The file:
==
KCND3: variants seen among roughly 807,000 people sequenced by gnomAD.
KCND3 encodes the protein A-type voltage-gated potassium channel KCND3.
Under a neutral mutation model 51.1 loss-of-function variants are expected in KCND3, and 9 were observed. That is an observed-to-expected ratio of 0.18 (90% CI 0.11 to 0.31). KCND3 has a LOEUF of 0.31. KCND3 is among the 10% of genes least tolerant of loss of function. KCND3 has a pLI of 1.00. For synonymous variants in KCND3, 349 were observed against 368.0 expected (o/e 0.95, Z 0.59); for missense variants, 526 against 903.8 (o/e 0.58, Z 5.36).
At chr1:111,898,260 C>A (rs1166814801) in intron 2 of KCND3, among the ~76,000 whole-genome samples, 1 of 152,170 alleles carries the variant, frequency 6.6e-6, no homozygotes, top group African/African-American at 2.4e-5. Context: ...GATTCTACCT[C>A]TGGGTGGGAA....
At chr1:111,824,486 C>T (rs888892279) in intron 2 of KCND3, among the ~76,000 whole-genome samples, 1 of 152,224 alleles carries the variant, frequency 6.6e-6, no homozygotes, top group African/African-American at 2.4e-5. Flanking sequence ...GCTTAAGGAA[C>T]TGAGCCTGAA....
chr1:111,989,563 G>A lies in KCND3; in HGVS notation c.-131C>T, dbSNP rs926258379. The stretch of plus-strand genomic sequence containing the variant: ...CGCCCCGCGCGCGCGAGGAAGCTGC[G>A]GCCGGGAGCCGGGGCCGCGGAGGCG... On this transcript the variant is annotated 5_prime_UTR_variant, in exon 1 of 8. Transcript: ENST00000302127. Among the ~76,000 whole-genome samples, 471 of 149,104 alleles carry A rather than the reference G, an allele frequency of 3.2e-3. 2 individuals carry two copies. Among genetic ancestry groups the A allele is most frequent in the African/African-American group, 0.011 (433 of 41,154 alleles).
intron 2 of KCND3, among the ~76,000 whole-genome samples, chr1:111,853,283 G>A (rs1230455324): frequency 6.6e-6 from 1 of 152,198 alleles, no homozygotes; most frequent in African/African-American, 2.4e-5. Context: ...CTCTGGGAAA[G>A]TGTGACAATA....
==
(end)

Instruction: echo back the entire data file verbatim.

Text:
KCND3: variants seen among roughly 807,000 people sequenced by gnomAD.
KCND3 encodes the protein A-type voltage-gated potassium channel KCND3.
Under a neutral mutation model 51.1 loss-of-function variants are expected in KCND3, and 9 were observed. That is an observed-to-expected ratio of 0.18 (90% CI 0.11 to 0.31). KCND3 has a LOEUF of 0.31. KCND3 is among the 10% of genes least tolerant of loss of function. KCND3 has a pLI of 1.00. For synonymous variants in KCND3, 349 were observed against 368.0 expected (o/e 0.95, Z 0.59); for missense variants, 526 against 903.8 (o/e 0.58, Z 5.36).
At chr1:111,898,260 C>A (rs1166814801) in intron 2 of KCND3, among the ~76,000 whole-genome samples, 1 of 152,170 alleles carries the variant, frequency 6.6e-6, no homozygotes, top group African/African-American at 2.4e-5. Context: ...GATTCTACCT[C>A]TGGGTGGGAA....
At chr1:111,824,486 C>T (rs888892279) in intron 2 of KCND3, among the ~76,000 whole-genome samples, 1 of 152,224 alleles carries the variant, frequency 6.6e-6, no homozygotes, top group African/African-American at 2.4e-5. Flanking sequence ...GCTTAAGGAA[C>T]TGAGCCTGAA....
chr1:111,989,563 G>A lies in KCND3; in HGVS notation c.-131C>T, dbSNP rs926258379. The stretch of plus-strand genomic sequence containing the variant: ...CGCCCCGCGCGCGCGAGGAAGCTGC[G>A]GCCGGGAGCCGGGGCCGCGGAGGCG... On this transcript the variant is annotated 5_prime_UTR_variant, in exon 1 of 8. Transcript: ENST00000302127. Among the ~76,000 whole-genome samples, 471 of 149,104 alleles carry A rather than the reference G, an allele frequency of 3.2e-3. 2 individuals carry two copies. Among genetic ancestry groups the A allele is most frequent in the African/African-American group, 0.011 (433 of 41,154 alleles).
intron 2 of KCND3, among the ~76,000 whole-genome samples, chr1:111,853,283 G>A (rs1230455324): frequency 6.6e-6 from 1 of 152,198 alleles, no homozygotes; most frequent in African/African-American, 2.4e-5. Context: ...CTCTGGGAAA[G>A]TGTGACAATA....